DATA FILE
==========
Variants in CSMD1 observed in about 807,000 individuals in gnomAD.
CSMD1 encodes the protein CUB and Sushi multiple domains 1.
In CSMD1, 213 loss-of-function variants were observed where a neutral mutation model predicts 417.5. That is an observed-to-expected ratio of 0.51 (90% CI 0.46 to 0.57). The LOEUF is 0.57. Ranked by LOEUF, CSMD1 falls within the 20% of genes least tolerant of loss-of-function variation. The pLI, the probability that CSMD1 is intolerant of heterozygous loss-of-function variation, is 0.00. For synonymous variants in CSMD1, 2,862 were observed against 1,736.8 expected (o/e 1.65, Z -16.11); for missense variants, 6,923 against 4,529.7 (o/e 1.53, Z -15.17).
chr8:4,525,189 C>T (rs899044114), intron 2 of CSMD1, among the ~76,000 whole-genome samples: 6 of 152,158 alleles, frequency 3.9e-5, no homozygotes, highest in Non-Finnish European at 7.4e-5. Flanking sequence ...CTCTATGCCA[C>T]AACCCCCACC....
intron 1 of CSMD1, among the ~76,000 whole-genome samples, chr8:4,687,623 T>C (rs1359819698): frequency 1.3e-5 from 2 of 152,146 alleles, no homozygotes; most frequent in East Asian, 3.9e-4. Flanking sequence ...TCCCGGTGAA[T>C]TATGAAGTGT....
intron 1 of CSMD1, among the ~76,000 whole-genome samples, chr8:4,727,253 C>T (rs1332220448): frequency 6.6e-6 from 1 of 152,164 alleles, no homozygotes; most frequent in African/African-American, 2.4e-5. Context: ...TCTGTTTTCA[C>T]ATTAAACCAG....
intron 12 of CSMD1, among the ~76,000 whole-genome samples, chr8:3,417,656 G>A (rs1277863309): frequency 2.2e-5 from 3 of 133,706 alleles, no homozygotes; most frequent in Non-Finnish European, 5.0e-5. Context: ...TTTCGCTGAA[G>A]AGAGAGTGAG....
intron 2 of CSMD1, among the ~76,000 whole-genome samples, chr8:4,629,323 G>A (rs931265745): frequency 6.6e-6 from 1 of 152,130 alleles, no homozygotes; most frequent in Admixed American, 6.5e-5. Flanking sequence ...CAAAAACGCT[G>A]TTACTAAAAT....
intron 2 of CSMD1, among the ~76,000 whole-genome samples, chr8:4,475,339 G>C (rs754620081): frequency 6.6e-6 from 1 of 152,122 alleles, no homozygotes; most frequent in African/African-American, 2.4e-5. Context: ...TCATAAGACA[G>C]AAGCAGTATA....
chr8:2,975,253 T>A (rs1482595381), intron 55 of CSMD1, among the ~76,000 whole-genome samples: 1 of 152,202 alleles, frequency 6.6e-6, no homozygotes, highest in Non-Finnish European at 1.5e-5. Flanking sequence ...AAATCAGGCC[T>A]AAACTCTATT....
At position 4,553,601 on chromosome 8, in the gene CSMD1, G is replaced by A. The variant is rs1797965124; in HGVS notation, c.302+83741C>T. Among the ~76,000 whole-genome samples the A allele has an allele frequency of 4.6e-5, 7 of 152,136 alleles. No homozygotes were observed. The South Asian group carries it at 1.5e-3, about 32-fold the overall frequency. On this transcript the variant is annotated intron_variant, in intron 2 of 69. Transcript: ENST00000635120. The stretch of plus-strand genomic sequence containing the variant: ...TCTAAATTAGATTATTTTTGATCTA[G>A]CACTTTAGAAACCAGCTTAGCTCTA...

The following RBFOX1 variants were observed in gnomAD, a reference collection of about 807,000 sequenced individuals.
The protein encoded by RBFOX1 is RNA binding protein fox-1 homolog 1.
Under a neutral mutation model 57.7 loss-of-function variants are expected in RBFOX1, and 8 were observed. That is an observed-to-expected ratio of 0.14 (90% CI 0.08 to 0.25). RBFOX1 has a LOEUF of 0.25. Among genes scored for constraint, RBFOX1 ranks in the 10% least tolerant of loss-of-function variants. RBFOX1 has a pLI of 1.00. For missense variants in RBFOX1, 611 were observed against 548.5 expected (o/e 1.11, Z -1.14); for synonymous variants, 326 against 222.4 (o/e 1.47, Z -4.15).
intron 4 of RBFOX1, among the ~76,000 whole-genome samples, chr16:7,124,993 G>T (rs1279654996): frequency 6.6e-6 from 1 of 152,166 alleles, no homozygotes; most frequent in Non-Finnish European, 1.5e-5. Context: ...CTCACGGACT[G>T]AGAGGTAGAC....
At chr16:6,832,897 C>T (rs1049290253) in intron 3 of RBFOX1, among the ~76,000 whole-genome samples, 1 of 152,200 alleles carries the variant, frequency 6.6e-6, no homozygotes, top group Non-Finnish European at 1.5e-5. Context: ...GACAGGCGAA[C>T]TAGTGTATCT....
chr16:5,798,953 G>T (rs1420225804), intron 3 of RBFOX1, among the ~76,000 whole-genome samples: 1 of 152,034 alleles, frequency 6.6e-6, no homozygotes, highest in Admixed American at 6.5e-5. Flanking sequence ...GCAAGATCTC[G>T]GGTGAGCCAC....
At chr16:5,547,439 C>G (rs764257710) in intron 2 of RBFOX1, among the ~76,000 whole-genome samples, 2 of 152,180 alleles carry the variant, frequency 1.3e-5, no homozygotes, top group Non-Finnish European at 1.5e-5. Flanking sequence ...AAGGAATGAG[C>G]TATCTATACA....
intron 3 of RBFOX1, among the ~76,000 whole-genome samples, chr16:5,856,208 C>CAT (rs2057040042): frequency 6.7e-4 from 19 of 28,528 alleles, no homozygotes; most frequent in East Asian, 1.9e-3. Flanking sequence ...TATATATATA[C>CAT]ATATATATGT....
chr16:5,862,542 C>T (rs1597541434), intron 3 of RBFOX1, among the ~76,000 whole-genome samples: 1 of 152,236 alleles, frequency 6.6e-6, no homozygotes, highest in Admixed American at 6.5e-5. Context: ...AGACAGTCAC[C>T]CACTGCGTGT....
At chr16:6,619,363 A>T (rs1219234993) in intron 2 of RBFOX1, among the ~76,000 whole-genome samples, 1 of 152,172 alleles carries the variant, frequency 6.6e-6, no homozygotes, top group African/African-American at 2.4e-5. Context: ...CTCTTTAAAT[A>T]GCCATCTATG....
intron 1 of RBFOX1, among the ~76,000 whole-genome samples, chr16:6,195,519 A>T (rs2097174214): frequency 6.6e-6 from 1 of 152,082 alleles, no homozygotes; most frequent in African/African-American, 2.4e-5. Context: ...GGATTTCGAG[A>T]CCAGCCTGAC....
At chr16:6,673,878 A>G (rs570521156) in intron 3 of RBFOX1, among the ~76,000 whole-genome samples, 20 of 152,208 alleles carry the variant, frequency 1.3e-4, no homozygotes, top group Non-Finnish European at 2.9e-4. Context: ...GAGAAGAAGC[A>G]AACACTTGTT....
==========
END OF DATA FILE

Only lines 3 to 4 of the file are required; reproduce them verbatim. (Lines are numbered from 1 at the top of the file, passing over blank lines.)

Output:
In CSMD1, 213 loss-of-function variants were observed where a neutral mutation model predicts 417.5. That is an observed-to-expected ratio of 0.51 (90% CI 0.46 to 0.57). The LOEUF is 0.57. Ranked by LOEUF, CSMD1 falls within the 20% of genes least tolerant of loss-of-function variation. The pLI, the probability that CSMD1 is intolerant of heterozygous loss-of-function variation, is 0.00. For synonymous variants in CSMD1, 2,862 were observed against 1,736.8 expected (o/e 1.65, Z -16.11); for missense variants, 6,923 against 4,529.7 (o/e 1.53, Z -15.17).
chr8:4,525,189 C>T (rs899044114), intron 2 of CSMD1, among the ~76,000 whole-genome samples: 6 of 152,158 alleles, frequency 3.9e-5, no homozygotes, highest in Non-Finnish European at 7.4e-5. Flanking sequence ...CTCTATGCCA[C>T]AACCCCCACC....